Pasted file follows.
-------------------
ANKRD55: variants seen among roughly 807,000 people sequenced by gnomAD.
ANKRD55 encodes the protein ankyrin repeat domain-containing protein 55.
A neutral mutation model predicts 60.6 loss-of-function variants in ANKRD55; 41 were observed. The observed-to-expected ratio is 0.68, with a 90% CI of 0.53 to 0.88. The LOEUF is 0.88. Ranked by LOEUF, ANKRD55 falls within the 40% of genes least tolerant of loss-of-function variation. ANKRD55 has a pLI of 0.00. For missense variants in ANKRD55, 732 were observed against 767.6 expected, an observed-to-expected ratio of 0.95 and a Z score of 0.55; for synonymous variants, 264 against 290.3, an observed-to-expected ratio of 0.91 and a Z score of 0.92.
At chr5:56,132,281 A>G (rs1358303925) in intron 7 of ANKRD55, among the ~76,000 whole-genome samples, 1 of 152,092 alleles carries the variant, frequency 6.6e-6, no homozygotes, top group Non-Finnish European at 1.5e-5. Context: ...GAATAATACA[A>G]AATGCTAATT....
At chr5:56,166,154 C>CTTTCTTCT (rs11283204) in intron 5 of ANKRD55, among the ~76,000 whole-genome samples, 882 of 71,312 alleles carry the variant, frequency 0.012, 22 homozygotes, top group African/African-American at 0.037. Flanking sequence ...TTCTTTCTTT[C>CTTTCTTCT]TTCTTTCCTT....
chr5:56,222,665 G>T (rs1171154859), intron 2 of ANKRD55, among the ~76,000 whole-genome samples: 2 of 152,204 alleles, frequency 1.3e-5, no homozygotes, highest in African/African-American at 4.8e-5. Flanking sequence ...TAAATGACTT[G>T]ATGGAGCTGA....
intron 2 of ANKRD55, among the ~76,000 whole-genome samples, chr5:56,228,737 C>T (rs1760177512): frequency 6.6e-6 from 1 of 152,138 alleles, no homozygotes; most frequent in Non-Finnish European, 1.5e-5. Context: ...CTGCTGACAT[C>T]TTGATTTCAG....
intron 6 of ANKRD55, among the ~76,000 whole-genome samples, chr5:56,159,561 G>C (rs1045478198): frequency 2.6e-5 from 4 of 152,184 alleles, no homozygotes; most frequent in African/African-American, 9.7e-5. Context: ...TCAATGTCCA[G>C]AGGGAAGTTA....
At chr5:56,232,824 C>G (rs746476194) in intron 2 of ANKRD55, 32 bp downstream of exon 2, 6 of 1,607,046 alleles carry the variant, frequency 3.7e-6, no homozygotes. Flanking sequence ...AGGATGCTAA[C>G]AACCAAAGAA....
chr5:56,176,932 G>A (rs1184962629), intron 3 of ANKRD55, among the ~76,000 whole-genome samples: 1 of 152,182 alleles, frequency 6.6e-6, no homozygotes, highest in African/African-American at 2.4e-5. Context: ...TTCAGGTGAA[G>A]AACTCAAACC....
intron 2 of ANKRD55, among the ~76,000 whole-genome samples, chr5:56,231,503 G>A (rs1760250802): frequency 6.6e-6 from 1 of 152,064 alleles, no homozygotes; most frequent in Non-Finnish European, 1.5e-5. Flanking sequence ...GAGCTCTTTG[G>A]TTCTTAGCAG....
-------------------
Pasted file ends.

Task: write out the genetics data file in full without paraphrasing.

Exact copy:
ANKRD55: variants seen among roughly 807,000 people sequenced by gnomAD.
ANKRD55 encodes the protein ankyrin repeat domain-containing protein 55.
A neutral mutation model predicts 60.6 loss-of-function variants in ANKRD55; 41 were observed. The observed-to-expected ratio is 0.68, with a 90% CI of 0.53 to 0.88. The LOEUF is 0.88. Ranked by LOEUF, ANKRD55 falls within the 40% of genes least tolerant of loss-of-function variation. ANKRD55 has a pLI of 0.00. For missense variants in ANKRD55, 732 were observed against 767.6 expected, an observed-to-expected ratio of 0.95 and a Z score of 0.55; for synonymous variants, 264 against 290.3, an observed-to-expected ratio of 0.91 and a Z score of 0.92.
At chr5:56,132,281 A>G (rs1358303925) in intron 7 of ANKRD55, among the ~76,000 whole-genome samples, 1 of 152,092 alleles carries the variant, frequency 6.6e-6, no homozygotes, top group Non-Finnish European at 1.5e-5. Context: ...GAATAATACA[A>G]AATGCTAATT....
At chr5:56,166,154 C>CTTTCTTCT (rs11283204) in intron 5 of ANKRD55, among the ~76,000 whole-genome samples, 882 of 71,312 alleles carry the variant, frequency 0.012, 22 homozygotes, top group African/African-American at 0.037. Flanking sequence ...TTCTTTCTTT[C>CTTTCTTCT]TTCTTTCCTT....
chr5:56,222,665 G>T (rs1171154859), intron 2 of ANKRD55, among the ~76,000 whole-genome samples: 2 of 152,204 alleles, frequency 1.3e-5, no homozygotes, highest in African/African-American at 4.8e-5. Flanking sequence ...TAAATGACTT[G>T]ATGGAGCTGA....
intron 2 of ANKRD55, among the ~76,000 whole-genome samples, chr5:56,228,737 C>T (rs1760177512): frequency 6.6e-6 from 1 of 152,138 alleles, no homozygotes; most frequent in Non-Finnish European, 1.5e-5. Context: ...CTGCTGACAT[C>T]TTGATTTCAG....
intron 6 of ANKRD55, among the ~76,000 whole-genome samples, chr5:56,159,561 G>C (rs1045478198): frequency 2.6e-5 from 4 of 152,184 alleles, no homozygotes; most frequent in African/African-American, 9.7e-5. Context: ...TCAATGTCCA[G>C]AGGGAAGTTA....
At chr5:56,232,824 C>G (rs746476194) in intron 2 of ANKRD55, 32 bp downstream of exon 2, 6 of 1,607,046 alleles carry the variant, frequency 3.7e-6, no homozygotes. Flanking sequence ...AGGATGCTAA[C>G]AACCAAAGAA....
chr5:56,176,932 G>A (rs1184962629), intron 3 of ANKRD55, among the ~76,000 whole-genome samples: 1 of 152,182 alleles, frequency 6.6e-6, no homozygotes, highest in African/African-American at 2.4e-5. Context: ...TTCAGGTGAA[G>A]AACTCAAACC....
intron 2 of ANKRD55, among the ~76,000 whole-genome samples, chr5:56,231,503 G>A (rs1760250802): frequency 6.6e-6 from 1 of 152,064 alleles, no homozygotes; most frequent in Non-Finnish European, 1.5e-5. Flanking sequence ...GAGCTCTTTG[G>A]TTCTTAGCAG....